For the work itself, Chad Robertson, the baking guru behind San Francisco’s (fantastic) Tartine bakery, has popularized a folding technique that gently develops gluten structure while still preserving the texture of the dough. Chad puts it best:
… fold dough by dipping hand in water, taking hold of the underside of the dough at one quadrant and stretching it up over the rest of the dough. Repeat this action 3 more times, rotating bowl a quarter turn for each fold.
I repeat this process at regular intervals over the next few hours, or until the dough risen to half again its original size.
I’ve known bakers to pack dough into portable containers so that they can keep it with them and attend to it throughout the day. Bring your bread to work day–that sort of thing. I won’t recommend it here, but you wouldn’t be the first.
Using a well-floured hand, I turn the sticky dough out onto a similarly well-floured work surface. Over the next few hours I’ll continue developing structure and tension in the wet dough as my microbial helpers continue the chemical reactions that will lend texture and flavor to the finished loaf.
Once again, manual intervention is required. And once again, the schedule is fairly accommodating. The idea is this: I slip a hand beneath one of the dough’s edges and fold it two-thirds of the way across the top. I repeat this with the opposite side, so that the dough is folded like a letter. I turn the loaf a quarter turn and repeat, folding the letter in on itself. After the two folds, I flip the loaf seam-side down on the counter, and let rest.
On the first pass, I find it helpful to use a (well-floured) bench knife to manage the sticky dough. As tension builds in the loaf and flour builds on the work surface, however–or if a bench knife (or spatula) isn’t close at hand–you may prefer to just use your hands.
As I repeat this process several times over the next few hours, the dough gradually begins to maintain its loaf-like shape.
As the sun starts its long descent, I set the resting loaf aside to proof into its final form. Some bakers use a ribbed banneton (well-floured, as ever) to mold tight ridges into the surface of the loaf. Others use a baking couche for the rustic texture of its folds. Returning the loaf to its mixing bowl works, too, and–since it’s handy–I’ll just do that.
I add a bit more flour to the bowl to keep the dough from sticking and gently place the loaf, seam-side up, back into the bowl. I cover it, set it aside, and return in half an hour.
Great bread depends on three magical elements: the fermentation provided by the yeast; the development and structure from our hands; and the chemistry of the oven. Now, with the sun hanging rosy over the horizon, it’s time to bake!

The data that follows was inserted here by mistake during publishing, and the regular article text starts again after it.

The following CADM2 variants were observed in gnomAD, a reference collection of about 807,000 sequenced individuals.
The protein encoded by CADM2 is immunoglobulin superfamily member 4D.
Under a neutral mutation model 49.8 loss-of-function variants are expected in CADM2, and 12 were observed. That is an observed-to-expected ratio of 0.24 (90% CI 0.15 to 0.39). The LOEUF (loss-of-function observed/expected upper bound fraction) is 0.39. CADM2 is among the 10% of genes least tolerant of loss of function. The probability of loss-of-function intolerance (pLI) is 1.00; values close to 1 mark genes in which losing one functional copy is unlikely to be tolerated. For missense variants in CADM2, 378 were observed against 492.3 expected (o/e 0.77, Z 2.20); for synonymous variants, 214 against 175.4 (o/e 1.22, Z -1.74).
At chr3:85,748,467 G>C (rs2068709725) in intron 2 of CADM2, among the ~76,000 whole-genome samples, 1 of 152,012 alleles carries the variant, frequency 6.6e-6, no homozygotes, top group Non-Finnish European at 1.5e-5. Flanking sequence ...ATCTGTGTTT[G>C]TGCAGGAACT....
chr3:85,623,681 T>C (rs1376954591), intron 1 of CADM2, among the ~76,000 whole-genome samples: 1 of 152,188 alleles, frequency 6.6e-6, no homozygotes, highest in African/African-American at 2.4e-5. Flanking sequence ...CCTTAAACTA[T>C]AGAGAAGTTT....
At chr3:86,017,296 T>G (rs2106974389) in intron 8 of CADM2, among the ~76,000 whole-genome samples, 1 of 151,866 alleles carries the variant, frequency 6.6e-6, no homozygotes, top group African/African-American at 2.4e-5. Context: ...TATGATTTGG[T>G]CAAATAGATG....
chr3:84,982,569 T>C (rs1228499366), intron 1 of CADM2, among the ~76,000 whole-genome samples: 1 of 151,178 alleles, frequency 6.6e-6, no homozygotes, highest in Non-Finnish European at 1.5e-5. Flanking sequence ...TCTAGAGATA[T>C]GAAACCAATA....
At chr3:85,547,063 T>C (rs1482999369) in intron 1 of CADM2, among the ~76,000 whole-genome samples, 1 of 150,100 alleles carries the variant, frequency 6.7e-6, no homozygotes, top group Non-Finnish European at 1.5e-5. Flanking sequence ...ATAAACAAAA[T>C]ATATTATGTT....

In its natural environment, we would bake the rustic loaf in the scorching bricks of a wood-fired hearth. 700°? 800?
But if you’re like me and don’t have a wood-fired oven handy, preheat your kitchen oven to as high as you’re comfortable taking it–at least 450°.
Besides heat, there’s also the matter of humidity. Commercial ovens inject steam during baking to control the water content and thermal mass of the environment, but most of us don’t have them in our kitchens. The ovens we do have are generalist appliances: versatile, durable, but without serious effort (or modification) unable to match the conditions of commercial bakeries.
Never easily deterred, home bakers have discovered an accessible alternative. A closed dutch oven, pre-loaded with a mister and holding in steam boiled out of the loaf itself, mimics the effects of a high-humidity oven.
If you don’t have a dutch oven handy, you can still bake in the oven itself. If you have cast iron pots and pans handy, loading them around the inside edges of the oven will help preserve the oven’s high temperature even when you open the door. And even if you don’t, you can still bake a delicious–if slightly less crusty–loaf of bread.
I heat my dutch oven, lid-off, for 10-15 minutes to bring it up temperature. Once it is heated through, I flip the proofed bread out of its bowl and slash the top with quick strokes of a sharp knife or razor. Into the oven it goes, cooking for the next fifty minutes. With the dutch oven, I’ll remove the lid for the last 15 minutes or so, letting the top of the loaf turn a golden brown.
As the sun sets, the kitchen fills with the aroma of fresh bread. The steaming loaves sit on racks to cool, then are smothered in jam and passed through ‘quality control’–a delicious end to baking day!